A: Virginia buttonweed is extremely tough to control. This perennial weed is deeply rooted, produces belowground and aboveground flowers, and spreads by rhizomes (underground stems), as well as by stem pieces. If left uncontrolled, this mat-forming weed can smother turfgrass. If you are committed to controlling it, you have to start the previous year. Be sure you are mowing at the right height, that you are fertilizing correctly and that your lawn is not stressed from drought. Purple leaves during its late spring to early summer emergence are a distinguishing characteristic of buttonweed. Although pulling the weed can produce a satisfying mound of stems and leaves, the root pieces left behind will quickly sprout and make your efforts moot. Homeowners can get reasonable, if not total, control by regularly spraying with combination products containing 2,4-D, triclopyr, dicamba, quinclorac or sulfentrazone. Read the product label carefully to make sure it can be used on your particular turfgrass.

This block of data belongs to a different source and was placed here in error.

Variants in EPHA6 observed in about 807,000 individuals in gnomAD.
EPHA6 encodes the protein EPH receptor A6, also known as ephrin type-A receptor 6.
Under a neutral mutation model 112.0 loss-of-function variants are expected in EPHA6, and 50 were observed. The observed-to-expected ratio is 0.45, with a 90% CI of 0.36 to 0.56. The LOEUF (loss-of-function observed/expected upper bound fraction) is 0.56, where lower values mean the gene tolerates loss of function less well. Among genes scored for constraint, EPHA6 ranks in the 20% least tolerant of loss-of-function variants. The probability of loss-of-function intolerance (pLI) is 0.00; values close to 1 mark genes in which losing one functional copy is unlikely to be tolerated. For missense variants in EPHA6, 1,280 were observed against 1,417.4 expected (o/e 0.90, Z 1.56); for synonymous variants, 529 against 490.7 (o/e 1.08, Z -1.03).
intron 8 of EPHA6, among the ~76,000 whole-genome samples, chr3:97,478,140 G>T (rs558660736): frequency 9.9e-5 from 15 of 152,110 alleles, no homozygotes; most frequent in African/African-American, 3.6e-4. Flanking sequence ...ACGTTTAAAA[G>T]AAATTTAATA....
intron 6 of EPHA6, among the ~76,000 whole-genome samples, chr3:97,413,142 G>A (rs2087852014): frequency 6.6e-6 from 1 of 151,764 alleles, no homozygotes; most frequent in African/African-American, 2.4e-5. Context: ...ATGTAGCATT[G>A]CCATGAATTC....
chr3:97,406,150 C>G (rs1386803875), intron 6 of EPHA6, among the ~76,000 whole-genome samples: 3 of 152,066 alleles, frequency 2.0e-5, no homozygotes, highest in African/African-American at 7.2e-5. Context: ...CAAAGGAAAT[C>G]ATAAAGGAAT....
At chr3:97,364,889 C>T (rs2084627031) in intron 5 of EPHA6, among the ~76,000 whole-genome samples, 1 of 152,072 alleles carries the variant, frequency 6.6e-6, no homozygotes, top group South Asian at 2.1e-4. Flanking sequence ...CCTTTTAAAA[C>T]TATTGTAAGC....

Q: I live in North Georgia and have a 2-year-old Fat Albert blue spruce tree. In the last two months, it started looking sad and it has dropped almost all of its needles. Is there anything I can do to save it? Jacqueline Rannow, Waleska